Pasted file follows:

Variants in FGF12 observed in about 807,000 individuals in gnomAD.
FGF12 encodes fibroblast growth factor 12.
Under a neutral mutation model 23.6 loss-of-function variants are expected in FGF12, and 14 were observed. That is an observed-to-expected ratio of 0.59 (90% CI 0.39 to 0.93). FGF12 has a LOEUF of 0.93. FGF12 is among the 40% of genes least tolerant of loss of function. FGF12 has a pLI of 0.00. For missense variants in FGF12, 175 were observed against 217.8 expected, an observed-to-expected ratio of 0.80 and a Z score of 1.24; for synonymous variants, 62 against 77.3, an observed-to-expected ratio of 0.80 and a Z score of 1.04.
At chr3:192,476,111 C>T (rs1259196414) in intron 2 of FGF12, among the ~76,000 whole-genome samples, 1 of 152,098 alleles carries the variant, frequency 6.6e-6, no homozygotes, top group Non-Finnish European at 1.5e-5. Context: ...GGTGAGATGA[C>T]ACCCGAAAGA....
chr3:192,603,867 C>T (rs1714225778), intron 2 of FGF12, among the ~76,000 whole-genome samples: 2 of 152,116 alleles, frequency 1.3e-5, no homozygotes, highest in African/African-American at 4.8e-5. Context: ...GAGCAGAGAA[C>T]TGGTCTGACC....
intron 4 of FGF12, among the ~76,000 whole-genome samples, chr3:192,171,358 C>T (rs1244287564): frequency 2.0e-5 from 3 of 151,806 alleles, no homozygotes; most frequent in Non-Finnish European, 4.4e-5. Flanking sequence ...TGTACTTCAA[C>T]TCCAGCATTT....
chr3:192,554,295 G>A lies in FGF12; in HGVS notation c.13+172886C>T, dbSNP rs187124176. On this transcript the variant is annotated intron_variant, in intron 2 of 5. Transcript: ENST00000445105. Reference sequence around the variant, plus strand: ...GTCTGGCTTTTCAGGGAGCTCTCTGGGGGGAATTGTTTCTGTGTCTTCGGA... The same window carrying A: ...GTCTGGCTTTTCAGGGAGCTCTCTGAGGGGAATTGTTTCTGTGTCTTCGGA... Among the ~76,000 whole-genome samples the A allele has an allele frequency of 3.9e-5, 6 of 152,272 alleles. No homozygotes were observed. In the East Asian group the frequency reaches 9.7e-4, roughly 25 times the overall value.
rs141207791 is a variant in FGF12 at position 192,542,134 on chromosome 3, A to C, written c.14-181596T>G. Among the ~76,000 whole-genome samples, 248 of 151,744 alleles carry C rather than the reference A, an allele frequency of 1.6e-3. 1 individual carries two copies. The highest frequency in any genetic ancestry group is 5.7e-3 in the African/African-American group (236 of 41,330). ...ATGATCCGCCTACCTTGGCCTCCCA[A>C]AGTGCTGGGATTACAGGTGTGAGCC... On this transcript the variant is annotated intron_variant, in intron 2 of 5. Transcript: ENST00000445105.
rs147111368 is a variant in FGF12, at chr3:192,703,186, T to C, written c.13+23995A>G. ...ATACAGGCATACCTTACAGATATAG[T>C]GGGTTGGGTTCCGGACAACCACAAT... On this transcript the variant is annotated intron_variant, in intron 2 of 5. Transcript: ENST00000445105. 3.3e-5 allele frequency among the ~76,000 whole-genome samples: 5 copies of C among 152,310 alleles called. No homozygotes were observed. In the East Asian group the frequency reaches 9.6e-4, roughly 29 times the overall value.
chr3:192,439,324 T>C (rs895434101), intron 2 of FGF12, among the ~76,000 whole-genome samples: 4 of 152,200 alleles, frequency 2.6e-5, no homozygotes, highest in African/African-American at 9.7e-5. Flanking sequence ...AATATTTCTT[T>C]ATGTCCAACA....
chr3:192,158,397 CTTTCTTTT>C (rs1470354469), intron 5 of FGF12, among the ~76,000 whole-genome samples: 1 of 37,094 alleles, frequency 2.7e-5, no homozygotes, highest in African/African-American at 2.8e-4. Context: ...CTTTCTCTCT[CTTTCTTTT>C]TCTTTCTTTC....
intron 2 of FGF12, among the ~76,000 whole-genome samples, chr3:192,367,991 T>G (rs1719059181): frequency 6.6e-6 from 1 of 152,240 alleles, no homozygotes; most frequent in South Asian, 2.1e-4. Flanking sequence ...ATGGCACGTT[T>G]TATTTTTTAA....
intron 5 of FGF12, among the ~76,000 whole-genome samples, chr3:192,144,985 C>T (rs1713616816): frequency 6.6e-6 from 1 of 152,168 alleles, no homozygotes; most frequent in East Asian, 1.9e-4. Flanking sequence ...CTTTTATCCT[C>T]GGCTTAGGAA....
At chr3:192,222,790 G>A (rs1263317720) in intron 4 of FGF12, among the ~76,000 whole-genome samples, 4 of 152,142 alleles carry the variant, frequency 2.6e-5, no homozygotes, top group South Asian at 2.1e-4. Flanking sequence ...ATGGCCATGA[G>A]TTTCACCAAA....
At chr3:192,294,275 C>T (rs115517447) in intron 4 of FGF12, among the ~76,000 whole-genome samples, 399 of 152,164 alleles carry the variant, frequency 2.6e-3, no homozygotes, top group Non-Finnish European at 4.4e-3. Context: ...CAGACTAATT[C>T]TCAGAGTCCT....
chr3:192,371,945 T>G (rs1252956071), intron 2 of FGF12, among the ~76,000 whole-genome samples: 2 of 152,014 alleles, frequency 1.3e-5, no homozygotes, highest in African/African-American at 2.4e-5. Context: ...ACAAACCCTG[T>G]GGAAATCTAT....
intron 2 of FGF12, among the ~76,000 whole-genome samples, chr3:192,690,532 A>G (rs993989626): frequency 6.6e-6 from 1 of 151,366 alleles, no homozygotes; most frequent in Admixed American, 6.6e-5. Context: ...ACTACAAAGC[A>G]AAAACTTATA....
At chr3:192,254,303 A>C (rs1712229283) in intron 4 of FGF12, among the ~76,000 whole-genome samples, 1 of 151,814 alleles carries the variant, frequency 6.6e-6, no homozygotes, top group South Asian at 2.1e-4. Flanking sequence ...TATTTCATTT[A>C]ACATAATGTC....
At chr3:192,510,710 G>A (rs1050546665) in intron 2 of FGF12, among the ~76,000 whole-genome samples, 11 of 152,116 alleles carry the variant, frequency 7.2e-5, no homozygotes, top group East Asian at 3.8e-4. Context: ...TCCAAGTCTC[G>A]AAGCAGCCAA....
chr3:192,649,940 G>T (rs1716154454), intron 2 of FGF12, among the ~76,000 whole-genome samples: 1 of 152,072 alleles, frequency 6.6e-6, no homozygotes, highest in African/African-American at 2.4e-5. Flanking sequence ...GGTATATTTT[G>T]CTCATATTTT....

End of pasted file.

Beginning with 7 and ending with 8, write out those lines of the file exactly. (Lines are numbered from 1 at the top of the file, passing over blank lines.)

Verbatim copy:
chr3:192,554,295 G>A lies in FGF12; in HGVS notation c.13+172886C>T, dbSNP rs187124176. On this transcript the variant is annotated intron_variant, in intron 2 of 5. Transcript: ENST00000445105. Reference sequence around the variant, plus strand: ...GTCTGGCTTTTCAGGGAGCTCTCTGGGGGGAATTGTTTCTGTGTCTTCGGA... The same window carrying A: ...GTCTGGCTTTTCAGGGAGCTCTCTGAGGGGAATTGTTTCTGTGTCTTCGGA... Among the ~76,000 whole-genome samples the A allele has an allele frequency of 3.9e-5, 6 of 152,272 alleles. No homozygotes were observed. In the East Asian group the frequency reaches 9.7e-4, roughly 25 times the overall value.
rs141207791 is a variant in FGF12 at position 192,542,134 on chromosome 3, A to C, written c.14-181596T>G. Among the ~76,000 whole-genome samples, 248 of 151,744 alleles carry C rather than the reference A, an allele frequency of 1.6e-3. 1 individual carries two copies. The highest frequency in any genetic ancestry group is 5.7e-3 in the African/African-American group (236 of 41,330). ...ATGATCCGCCTACCTTGGCCTCCCA[A>C]AGTGCTGGGATTACAGGTGTGAGCC... On this transcript the variant is annotated intron_variant, in intron 2 of 5. Transcript: ENST00000445105.